Prostitution ads, often with explicit sexual language, are back on Craigslist, according to a new report.
Craigslist, the online classified ad site, eliminated its adult services section in 2010 amid pressure from state attorneys general from across the country. But that hasn’t stopped prostitution ads from showing up in the “casual encounters” and “therapeutic massage” sections of the site in some markets, according to the Classified Intelligence Report by AIM Group LLC, a market research firm.
While there are fewer ads than when Craigslist offered its erotic and adult services categories, in some markets, ads that appear to be for paid sex work are posted regularly, the report said.
“A quick check shows the ads are frequently and quickly flagged by the ‘community’ or perhaps competitors,” the report said. “Craigslist seems to take the ads down when they are posted, but some slip through.” The most salacious ads are often taken down within 10 minutes to an hour, said the report.
Craigslist did not immediately respond to a request for comment.
AIM Group, which focuses on the classified-advertising industry, also discovered ads or listings for escorts, body rubs and even call girls on sites including Facebook Inc. and the New York Times Co.’s About.com.
“Some ads or listings are extremely explicit; some are just suggestive,” the report said. “Some are paid; many are free; still others are pay-per-click.”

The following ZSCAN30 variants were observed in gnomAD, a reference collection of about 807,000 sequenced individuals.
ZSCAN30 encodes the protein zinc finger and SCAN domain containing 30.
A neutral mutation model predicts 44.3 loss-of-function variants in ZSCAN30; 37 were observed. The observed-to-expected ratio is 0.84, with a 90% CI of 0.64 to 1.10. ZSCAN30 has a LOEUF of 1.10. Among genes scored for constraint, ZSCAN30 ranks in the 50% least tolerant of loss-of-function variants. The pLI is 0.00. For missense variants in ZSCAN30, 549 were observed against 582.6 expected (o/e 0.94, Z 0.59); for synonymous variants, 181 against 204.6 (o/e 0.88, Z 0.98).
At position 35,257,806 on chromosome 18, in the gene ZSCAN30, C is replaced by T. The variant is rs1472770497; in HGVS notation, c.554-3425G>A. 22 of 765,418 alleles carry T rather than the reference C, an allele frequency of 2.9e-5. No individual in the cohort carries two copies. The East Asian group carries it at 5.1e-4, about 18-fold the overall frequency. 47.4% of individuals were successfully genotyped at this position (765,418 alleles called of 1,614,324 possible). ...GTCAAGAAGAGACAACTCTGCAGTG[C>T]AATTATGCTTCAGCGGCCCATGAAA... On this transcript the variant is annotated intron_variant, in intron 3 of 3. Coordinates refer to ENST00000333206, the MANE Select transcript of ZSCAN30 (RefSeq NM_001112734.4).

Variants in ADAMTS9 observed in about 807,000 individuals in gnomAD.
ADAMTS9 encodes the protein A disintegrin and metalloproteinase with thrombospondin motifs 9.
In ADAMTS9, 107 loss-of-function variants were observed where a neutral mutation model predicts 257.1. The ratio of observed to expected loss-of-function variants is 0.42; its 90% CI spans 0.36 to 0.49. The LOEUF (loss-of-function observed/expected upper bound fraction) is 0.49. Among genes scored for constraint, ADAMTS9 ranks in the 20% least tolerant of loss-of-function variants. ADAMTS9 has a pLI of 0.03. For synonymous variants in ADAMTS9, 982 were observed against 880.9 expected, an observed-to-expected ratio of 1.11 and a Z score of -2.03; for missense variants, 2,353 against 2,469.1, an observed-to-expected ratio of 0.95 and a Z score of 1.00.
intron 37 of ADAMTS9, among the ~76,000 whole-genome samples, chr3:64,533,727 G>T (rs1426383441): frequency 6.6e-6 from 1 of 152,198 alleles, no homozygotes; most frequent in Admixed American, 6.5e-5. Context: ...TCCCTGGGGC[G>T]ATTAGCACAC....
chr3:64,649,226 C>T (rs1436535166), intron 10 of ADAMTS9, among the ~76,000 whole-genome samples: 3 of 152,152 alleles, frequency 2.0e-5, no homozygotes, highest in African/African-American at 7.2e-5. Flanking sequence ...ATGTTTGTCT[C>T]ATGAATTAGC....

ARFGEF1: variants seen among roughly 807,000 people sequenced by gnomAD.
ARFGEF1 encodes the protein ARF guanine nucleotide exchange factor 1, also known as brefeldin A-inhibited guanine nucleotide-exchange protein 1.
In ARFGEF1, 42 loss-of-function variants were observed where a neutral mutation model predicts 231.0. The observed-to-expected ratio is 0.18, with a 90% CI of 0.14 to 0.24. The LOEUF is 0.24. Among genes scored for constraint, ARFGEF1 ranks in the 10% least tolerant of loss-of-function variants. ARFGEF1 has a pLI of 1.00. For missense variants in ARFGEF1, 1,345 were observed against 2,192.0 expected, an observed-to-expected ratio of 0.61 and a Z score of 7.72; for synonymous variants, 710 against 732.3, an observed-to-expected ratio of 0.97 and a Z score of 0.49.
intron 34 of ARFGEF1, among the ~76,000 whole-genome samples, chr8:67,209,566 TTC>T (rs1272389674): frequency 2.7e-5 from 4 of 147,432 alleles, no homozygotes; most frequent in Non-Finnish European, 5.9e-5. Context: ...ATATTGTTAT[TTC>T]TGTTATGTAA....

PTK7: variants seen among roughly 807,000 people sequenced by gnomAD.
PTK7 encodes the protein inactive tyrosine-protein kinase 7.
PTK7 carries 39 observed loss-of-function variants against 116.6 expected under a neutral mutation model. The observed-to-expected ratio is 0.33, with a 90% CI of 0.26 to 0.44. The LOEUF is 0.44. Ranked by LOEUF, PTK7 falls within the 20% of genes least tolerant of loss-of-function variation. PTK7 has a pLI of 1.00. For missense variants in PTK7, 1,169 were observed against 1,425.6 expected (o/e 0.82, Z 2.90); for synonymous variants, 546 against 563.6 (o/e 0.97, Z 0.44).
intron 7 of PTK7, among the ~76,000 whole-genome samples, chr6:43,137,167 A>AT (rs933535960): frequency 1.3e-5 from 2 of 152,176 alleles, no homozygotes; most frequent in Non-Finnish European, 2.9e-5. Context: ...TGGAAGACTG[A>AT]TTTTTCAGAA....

In response to the report, Facebook said it gives users the ability to provide immediate feedback on its ads and site, and encourages people to report anything they find offensive or misleading. The company also has a team dedicated to investigating these complaints, and content that violates the rules is removed.
“Facebook strives to create a trusted environment for everyone that uses our service,” Fred Wolens, a spokesman for Facebook, said in an e-mail.
Kristin Mason, a spokeswoman for the About Group, said these links to third-party sites are placed by independent contract writers who “are free to write and link to any site they deem useful to readers of that topic.”
“About.com derives no revenue from links to external sites or resources,” Mason said in an e-mail.